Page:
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Mueller faces hometown Cards
10/22/2004 5:30 PM ET
BOSTON -- Anyone who plays for the Red Sox and grew up in a suburb just outside of St. Louis knows all about passionate baseball cities. While Sox third baseman Bill Mueller's loyalty will certainly not be divided in a World Series between these two tradition-laden teams, he knows that his family and friends will be a little less decisive.

Mueller is the pride of Maryland Heights, Missouri. When he was growing up, the Cardinals were his team. In those days before DirectTV, was there really much other choice?

"Back then, it was like, you didn't have the ability to have all these channels, like buying a sports package so you could see a different team, so you locked in on your home team," said Mueller. "I was always a Cardinals fan because that's really all I ever saw."

The Cardinals last won the World Series in 1982. Up in some not-so-choice seats during Game 7 of that Fall Classic against the Brewers at Busch Stadium was none other than little Billy Mueller, who was all of 11 years old at the time.

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"I was with my dad up in the right field nosebleed section," said Mueller. "Cecil Cooper hit a homer up by us, we were sitting by the right-field foul pole and that's the last World Series I ever went to. The Cardinals won, so that was pretty cool."

The switch-hitter and 2003 American League batting champion knows two things heading into this, the first World Series of his career.

From third base and the batter's box, he will have a far better view of these games than he did in 1982. And, as much as he once loved those Cardinals, Mueller has no choice but to root heavily against his hometown team.

Mueller knows the ticket requests figure to be enormous when the series returns to St. Louis for Game 3, which is why, as he said half-jokingly, "I don't answer my phone right now."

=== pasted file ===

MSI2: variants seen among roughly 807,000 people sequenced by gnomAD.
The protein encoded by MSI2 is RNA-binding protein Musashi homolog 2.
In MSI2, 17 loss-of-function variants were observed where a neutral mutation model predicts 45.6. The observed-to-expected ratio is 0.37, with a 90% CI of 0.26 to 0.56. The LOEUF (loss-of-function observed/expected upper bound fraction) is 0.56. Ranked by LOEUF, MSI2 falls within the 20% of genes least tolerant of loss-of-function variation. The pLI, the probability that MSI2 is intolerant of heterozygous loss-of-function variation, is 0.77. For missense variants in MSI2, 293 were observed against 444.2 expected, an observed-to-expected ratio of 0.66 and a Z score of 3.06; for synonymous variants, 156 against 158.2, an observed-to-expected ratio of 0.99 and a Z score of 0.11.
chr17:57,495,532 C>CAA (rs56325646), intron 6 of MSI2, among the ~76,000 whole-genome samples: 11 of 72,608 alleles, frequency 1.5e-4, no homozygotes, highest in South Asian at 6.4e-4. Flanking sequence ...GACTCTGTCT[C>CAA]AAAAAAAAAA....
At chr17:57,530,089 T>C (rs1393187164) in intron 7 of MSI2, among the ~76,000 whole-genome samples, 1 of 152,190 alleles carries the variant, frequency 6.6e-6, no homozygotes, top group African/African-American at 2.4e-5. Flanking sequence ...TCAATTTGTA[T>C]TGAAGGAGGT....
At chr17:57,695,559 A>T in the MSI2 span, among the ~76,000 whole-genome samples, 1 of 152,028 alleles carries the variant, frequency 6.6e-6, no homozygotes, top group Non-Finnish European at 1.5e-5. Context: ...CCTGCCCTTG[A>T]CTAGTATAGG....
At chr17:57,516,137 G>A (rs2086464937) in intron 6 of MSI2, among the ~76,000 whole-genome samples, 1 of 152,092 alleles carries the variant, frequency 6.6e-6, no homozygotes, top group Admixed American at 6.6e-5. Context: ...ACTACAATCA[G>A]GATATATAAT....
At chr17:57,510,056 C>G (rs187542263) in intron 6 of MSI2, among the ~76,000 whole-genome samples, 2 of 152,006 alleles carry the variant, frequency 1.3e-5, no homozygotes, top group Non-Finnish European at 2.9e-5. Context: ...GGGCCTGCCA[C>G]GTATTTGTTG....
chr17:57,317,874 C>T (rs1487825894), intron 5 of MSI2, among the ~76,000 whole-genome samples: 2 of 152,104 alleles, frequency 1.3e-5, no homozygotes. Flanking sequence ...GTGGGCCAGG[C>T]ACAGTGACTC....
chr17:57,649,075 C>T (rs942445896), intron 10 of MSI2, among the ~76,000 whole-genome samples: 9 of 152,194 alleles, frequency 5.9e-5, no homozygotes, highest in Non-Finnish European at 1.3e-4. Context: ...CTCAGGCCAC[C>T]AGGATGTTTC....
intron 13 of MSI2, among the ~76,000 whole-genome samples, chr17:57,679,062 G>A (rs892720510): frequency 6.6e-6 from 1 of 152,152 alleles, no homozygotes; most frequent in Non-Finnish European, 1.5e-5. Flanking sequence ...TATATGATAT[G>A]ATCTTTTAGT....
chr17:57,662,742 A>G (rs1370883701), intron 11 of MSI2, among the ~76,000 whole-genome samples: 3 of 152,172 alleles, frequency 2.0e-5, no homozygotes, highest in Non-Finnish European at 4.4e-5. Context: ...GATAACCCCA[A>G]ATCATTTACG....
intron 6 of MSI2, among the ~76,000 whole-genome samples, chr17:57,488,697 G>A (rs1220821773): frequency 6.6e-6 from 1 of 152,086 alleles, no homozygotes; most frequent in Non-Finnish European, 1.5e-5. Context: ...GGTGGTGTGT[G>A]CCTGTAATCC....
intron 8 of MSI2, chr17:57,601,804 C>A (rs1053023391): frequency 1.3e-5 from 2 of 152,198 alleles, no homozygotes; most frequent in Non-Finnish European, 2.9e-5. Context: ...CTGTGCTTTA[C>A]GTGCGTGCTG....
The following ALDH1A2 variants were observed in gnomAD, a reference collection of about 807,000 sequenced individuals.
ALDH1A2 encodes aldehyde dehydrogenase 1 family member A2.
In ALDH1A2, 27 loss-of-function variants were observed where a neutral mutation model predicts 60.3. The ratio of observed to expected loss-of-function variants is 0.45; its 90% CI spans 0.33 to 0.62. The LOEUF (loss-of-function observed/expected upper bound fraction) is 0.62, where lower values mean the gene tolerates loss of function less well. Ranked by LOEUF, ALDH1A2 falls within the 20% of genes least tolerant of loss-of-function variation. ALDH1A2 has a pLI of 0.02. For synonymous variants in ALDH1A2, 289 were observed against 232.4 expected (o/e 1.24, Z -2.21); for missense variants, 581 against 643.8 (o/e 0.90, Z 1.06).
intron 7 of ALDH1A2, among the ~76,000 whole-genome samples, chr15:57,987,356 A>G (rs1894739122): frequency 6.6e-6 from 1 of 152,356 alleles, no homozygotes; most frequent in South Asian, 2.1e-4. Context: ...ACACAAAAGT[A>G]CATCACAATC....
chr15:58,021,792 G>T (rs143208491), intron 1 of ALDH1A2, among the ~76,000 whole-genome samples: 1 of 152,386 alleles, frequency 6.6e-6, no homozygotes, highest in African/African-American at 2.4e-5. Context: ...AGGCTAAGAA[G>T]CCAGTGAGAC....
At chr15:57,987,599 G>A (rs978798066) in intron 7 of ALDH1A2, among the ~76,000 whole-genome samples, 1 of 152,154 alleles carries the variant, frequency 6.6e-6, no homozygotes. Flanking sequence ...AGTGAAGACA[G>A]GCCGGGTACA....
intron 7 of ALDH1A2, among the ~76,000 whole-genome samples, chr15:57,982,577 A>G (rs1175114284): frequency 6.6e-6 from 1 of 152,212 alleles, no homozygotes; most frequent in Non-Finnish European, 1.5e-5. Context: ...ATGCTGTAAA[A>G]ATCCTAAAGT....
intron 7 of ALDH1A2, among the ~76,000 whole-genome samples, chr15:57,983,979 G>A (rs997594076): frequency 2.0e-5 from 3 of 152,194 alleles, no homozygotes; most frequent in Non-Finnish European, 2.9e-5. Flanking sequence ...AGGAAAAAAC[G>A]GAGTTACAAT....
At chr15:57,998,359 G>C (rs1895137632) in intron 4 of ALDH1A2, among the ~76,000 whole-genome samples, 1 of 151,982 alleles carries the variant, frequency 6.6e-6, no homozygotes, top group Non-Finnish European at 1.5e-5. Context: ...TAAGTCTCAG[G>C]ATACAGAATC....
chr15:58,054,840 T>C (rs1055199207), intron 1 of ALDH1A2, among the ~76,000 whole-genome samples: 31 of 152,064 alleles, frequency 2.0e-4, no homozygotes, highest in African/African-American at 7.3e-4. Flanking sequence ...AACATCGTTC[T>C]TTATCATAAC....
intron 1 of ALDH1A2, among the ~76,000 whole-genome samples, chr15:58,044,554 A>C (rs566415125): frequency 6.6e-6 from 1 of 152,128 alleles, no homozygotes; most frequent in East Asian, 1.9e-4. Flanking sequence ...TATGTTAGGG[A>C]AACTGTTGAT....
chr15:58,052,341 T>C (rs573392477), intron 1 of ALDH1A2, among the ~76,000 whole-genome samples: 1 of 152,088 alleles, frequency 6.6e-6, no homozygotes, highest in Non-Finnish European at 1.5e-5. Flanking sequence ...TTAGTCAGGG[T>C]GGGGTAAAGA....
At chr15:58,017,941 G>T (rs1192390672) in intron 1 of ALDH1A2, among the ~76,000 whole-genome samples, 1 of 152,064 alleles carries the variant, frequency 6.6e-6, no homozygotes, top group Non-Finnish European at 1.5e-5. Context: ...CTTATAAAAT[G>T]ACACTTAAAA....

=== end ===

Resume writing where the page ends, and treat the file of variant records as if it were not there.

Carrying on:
He hasn't spoken to enough of his hometown folk to know where their allegiances lie at the moment, but he can only ponder how awkward it must be.

"They're torn," said Mueller. "I guarantee you. There's some confusion right now. I'm going to find out who my true friends are, I know that, and/or family members."

Mueller was a baseball star in his youth at DeSemet High School and then went on to play at Southwest Missouri State. While he moved on to the nomadic life of Major League Baseball, opening with the Giants, then going to the Cubs and eventually to Boston, the bulk of his family remains where it all started.

"Cousins, grandma, parents, aunts and uncles, not too many people have moved out of [the St. Louis area]," said Mueller.

Because Mueller is only human, he can't help but feel a little nostalgic as the Redbirds make their way to Fenway Park.

"My favorite player when I was growing up was Willie McGee," said Mueller. "I just liked how he went about his business. He seemed like a very humble guy. He had a lot of success. He was one of those guys who used the whole field and hit balls where they were pitched. He was just one of those successful people that I gravitated to."

Then Mueller quickly shifted his attention back to the real story.

"The World Series in itself is pretty major," said Mueller. "To go back to St. Louis, it's nice because I'm familiar with things. Other than that, it's still the World Series."

This story was not subject to the approval of Major League Baseball or its clubs.

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